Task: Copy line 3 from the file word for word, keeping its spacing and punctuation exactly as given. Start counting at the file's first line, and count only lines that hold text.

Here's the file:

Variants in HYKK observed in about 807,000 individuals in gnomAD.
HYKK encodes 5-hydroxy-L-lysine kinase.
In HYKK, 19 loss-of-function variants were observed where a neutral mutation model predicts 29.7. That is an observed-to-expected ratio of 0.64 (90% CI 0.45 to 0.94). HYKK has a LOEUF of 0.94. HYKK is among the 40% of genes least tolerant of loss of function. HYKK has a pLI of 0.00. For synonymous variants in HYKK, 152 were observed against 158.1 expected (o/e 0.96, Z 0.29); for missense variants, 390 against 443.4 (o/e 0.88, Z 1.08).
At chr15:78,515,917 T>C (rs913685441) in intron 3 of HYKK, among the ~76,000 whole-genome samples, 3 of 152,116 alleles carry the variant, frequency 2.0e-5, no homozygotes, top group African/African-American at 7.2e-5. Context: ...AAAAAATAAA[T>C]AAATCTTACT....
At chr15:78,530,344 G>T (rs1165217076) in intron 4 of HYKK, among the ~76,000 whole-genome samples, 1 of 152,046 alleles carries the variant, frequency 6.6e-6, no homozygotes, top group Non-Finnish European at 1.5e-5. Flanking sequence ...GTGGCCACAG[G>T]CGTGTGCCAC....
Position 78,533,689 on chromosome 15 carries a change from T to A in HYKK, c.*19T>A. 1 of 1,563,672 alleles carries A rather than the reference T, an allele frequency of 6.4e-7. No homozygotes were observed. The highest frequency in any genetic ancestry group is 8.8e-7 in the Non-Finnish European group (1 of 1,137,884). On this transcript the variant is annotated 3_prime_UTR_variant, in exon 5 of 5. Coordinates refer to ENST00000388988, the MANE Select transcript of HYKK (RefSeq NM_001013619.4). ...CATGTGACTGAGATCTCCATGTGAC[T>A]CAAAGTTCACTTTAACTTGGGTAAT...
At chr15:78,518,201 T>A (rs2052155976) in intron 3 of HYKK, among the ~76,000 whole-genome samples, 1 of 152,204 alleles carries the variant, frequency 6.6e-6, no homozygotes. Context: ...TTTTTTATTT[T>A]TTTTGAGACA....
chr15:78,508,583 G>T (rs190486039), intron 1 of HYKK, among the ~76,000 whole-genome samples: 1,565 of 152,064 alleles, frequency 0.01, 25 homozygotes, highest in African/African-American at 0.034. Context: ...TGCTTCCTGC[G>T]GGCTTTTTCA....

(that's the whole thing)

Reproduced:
In HYKK, 19 loss-of-function variants were observed where a neutral mutation model predicts 29.7. That is an observed-to-expected ratio of 0.64 (90% CI 0.45 to 0.94). HYKK has a LOEUF of 0.94. HYKK is among the 40% of genes least tolerant of loss of function. HYKK has a pLI of 0.00. For synonymous variants in HYKK, 152 were observed against 158.1 expected (o/e 0.96, Z 0.29); for missense variants, 390 against 443.4 (o/e 0.88, Z 1.08).